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2Nd Newbie Question - Resist Ideas For Holes In Pendants

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Hello Again,

 

I am using an electric test kiln to make smaller items, including flat pendants with a hole that's about 2, maybe 3/16ths before  bisque firing.  Any ideas for an easy way to protect the holes so that I don't have to spend a lot of time cleaning out glaze from the holes before the glaze firing?  

 

Last time, I just painted on glaze and then tried to clean up any slops in the holes which took forever.

 

My next try, I guess, would be carefully trying to use a brush to apply wax resist - sounds time consuming as well?  Any ideas?

thanks!!

 

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I have 'plugged' holes to keep glaze out with wood toothpicks, twisted pieces of paper, spaghetti, wax, and Elmer's glue. 

 

Always remove the plugs, or at least wipe the plugs clean of glaze, because the plugs will burn out but the glaze on the plug will not.
 
LT

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My thought on options since you have a lot of holes is what I do is use a drill bit to quickly twist it.This is after glazing and knock most down and leaves such a small amount it will not fill hole. I have few  drill sizes with wood handles so they are easier to hold and spin. The other Quik way would be use a small brush and use wax in the hole . You will have to blow on them hole right after glazing to keep it glaze free. The wax will burn away.

The last idea which is one I have yet to try in a production application but on small scale works is wet the hole  with (small Bruch/or cut sponge/airbrush ) right before glazing so glaze will be this at that spot.

I like techniques that only require one step in a production situation.

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I like Magnolia's ideas, they are probably a lot easier than what I've been doing:

 

I'm a more or less beginner doing small work like you are dAO, and on a steep learning curve. So far I have only used wax resist, usually painted in the hole as you described. I've had issues getting too much wax resist around the outside of the hole which is not the look I want. From what I've read on the forums the only way to get wax resist off clay is to bisque fire it again. Since I don't have a kiln of my own yet this is a big problem for me. Recently, I had to use a plastic knife to carve the dry wax resist off the threads of the jar to get the jar open. I had the idea to roll the dry wax into little plugs and insert them into the jewelry holes. This stuff really stinks in a chemical way, so I'd wear gloves. anyway I left the plugs in, but you could probably push it out and it would leave enough wax to resist the glaze easily. The dryish wax was easier to handle this way, and I like the idea of reusing as much of it as possible.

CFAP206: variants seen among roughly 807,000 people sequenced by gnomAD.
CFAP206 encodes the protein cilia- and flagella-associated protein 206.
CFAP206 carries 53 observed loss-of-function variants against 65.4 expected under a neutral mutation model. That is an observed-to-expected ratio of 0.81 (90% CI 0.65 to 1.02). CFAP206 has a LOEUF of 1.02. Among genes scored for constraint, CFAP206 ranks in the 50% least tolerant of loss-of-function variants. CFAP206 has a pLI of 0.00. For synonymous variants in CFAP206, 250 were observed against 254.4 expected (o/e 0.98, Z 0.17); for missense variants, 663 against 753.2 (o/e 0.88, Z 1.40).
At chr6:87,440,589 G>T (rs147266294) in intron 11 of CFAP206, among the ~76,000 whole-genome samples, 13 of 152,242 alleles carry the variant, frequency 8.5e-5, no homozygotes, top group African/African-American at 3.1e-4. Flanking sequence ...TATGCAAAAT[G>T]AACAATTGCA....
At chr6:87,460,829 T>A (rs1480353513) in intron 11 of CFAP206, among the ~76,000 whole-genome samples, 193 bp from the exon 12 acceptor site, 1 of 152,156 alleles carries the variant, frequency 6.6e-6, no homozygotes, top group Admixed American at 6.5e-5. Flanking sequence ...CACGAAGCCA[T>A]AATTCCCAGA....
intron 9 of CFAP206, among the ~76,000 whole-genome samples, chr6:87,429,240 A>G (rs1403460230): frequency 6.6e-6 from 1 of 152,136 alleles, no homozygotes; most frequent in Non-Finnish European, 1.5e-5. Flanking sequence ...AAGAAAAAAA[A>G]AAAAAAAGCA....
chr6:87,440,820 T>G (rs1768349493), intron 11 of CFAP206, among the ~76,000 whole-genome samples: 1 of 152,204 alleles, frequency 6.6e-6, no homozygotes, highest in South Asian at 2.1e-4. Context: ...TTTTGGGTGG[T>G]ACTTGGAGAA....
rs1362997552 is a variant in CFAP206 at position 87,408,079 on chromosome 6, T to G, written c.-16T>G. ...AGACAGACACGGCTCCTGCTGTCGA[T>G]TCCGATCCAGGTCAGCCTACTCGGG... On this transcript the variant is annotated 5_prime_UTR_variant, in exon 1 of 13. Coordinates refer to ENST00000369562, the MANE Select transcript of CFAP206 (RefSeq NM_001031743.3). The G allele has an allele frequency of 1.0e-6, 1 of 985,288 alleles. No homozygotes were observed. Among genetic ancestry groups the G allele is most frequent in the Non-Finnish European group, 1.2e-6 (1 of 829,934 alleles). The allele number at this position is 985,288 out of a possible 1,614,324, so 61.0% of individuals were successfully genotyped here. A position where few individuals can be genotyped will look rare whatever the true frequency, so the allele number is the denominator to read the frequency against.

I'm thinking about trying little paper pulp plugs, maybe coated or mixed with a little wax or white glue?  They should just dry out quickly and shrink, and burn out quickly, but so far untested idea.

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Also, I quickly learned to make the holes larger than I did when I first started. This bypasses a lot of worries and leaves more options open for what I'm materials I'm going to use as hangers. Generally I use a drinking straw of the fast-food milkshake kind, which means I have to partly design the piece to still look nice with larger holes, but this seems to be working OK for my somewhat primitive/bohemian themed work.

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Thank you, Everyone.  These are all great ideas and very helpful for different options.  Always good to know that others are wrestling with the same issue.  I appreciate your time and input

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I insert a Q-tip wetted with water-based wax resist until the glaze is dry; if any gets in the hole, I use a hole cutter (Kemper's graduated) to ream it off. If I am using a runny glaze I also wipe wax resist on my bead tree rods from which I hang the pendants. 

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Wet pipe cleaners work amazingly well for this. There are actually pottery tools that are a stiffer wire pipe cleaner, basically, or like a bottle brush. It helps if you don't let the glaze dry completely before you try to clear the hole, though. 

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I use a small copper wire to poke out most of the clump of dried glaze, then use a bead reamer like this one to clean out the rest. It only takes a minute or so per bead, shorter than waxing and then having to clean out the waxed hole anyways, the wax usually allows at least a little glaze in the hole, makes a mess of the reamer. A Dremel tool with a diamond tipped reamer works really quick, too. This tool is great for 3mm or slightly larger holes.  I wax the really large holes or remove enough glaze with a damp cloth from a small area to allow it to be hung on a bead tree.

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With any tool for cleaning out the hole, if you can set the tool in some kind of holder, then you can pick up a bead, *apply bead to tool, put down bead, pick up next bead** (repeat from * to **) much faster than having to pick up bead and find hole while holding tool in other hand.

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I recommend having a couple of diamond drill bits on-hand.  Obviously using a a resist or a temporary filler to keep glaze out of the hole is the 1st line of defense, but sometimes things happen and the hole heals over with glaze anyways -- for these you need a drill bit that can penetrate glass....hence the diamond core drills for a rotary tool/drill.

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